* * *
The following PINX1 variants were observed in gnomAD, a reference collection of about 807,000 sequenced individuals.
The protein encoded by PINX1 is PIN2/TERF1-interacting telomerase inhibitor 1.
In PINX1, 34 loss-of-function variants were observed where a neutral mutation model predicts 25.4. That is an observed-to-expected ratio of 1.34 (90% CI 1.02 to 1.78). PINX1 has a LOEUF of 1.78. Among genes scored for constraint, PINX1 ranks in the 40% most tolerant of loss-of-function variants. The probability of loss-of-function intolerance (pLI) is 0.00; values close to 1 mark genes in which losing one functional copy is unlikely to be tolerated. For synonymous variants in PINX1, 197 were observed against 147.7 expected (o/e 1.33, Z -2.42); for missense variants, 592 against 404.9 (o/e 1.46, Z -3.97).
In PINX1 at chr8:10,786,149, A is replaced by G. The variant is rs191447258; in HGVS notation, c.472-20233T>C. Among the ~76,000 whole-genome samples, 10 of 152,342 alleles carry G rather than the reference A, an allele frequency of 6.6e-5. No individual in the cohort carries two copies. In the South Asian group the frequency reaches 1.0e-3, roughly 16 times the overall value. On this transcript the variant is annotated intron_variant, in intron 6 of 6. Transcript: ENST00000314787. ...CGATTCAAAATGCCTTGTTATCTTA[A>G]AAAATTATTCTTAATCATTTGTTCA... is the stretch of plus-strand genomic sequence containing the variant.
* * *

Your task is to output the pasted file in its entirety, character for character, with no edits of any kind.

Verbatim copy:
The following PINX1 variants were observed in gnomAD, a reference collection of about 807,000 sequenced individuals.
The protein encoded by PINX1 is PIN2/TERF1-interacting telomerase inhibitor 1.
In PINX1, 34 loss-of-function variants were observed where a neutral mutation model predicts 25.4. That is an observed-to-expected ratio of 1.34 (90% CI 1.02 to 1.78). PINX1 has a LOEUF of 1.78. Among genes scored for constraint, PINX1 ranks in the 40% most tolerant of loss-of-function variants. The probability of loss-of-function intolerance (pLI) is 0.00; values close to 1 mark genes in which losing one functional copy is unlikely to be tolerated. For synonymous variants in PINX1, 197 were observed against 147.7 expected (o/e 1.33, Z -2.42); for missense variants, 592 against 404.9 (o/e 1.46, Z -3.97).
In PINX1 at chr8:10,786,149, A is replaced by G. The variant is rs191447258; in HGVS notation, c.472-20233T>C. Among the ~76,000 whole-genome samples, 10 of 152,342 alleles carry G rather than the reference A, an allele frequency of 6.6e-5. No individual in the cohort carries two copies. In the South Asian group the frequency reaches 1.0e-3, roughly 16 times the overall value. On this transcript the variant is annotated intron_variant, in intron 6 of 6. Transcript: ENST00000314787. ...CGATTCAAAATGCCTTGTTATCTTA[A>G]AAAATTATTCTTAATCATTTGTTCA... is the stretch of plus-strand genomic sequence containing the variant.